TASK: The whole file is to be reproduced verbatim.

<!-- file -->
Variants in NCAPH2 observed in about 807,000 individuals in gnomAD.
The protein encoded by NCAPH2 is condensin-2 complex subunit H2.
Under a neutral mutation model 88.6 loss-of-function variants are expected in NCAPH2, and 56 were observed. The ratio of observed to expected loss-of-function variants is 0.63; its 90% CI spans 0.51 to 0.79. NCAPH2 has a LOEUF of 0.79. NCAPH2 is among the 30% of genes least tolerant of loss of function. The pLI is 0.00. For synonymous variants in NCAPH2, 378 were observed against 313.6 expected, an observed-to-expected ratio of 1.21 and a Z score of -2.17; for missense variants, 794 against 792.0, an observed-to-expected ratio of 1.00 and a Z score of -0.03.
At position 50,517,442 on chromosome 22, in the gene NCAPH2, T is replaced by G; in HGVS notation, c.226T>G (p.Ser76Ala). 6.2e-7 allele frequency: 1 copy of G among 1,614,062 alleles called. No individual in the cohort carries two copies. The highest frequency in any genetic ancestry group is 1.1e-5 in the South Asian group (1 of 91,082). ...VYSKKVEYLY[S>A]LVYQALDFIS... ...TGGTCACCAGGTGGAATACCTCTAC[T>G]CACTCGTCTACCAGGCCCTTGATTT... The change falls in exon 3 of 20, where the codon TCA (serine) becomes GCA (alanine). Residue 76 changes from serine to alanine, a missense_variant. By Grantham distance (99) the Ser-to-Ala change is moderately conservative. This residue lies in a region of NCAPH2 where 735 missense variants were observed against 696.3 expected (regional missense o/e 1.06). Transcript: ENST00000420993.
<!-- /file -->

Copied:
Variants in NCAPH2 observed in about 807,000 individuals in gnomAD.
The protein encoded by NCAPH2 is condensin-2 complex subunit H2.
Under a neutral mutation model 88.6 loss-of-function variants are expected in NCAPH2, and 56 were observed. The ratio of observed to expected loss-of-function variants is 0.63; its 90% CI spans 0.51 to 0.79. NCAPH2 has a LOEUF of 0.79. NCAPH2 is among the 30% of genes least tolerant of loss of function. The pLI is 0.00. For synonymous variants in NCAPH2, 378 were observed against 313.6 expected, an observed-to-expected ratio of 1.21 and a Z score of -2.17; for missense variants, 794 against 792.0, an observed-to-expected ratio of 1.00 and a Z score of -0.03.
At position 50,517,442 on chromosome 22, in the gene NCAPH2, T is replaced by G; in HGVS notation, c.226T>G (p.Ser76Ala). 6.2e-7 allele frequency: 1 copy of G among 1,614,062 alleles called. No individual in the cohort carries two copies. The highest frequency in any genetic ancestry group is 1.1e-5 in the South Asian group (1 of 91,082). ...VYSKKVEYLY[S>A]LVYQALDFIS... ...TGGTCACCAGGTGGAATACCTCTAC[T>G]CACTCGTCTACCAGGCCCTTGATTT... The change falls in exon 3 of 20, where the codon TCA (serine) becomes GCA (alanine). Residue 76 changes from serine to alanine, a missense_variant. By Grantham distance (99) the Ser-to-Ala change is moderately conservative. This residue lies in a region of NCAPH2 where 735 missense variants were observed against 696.3 expected (regional missense o/e 1.06). Transcript: ENST00000420993.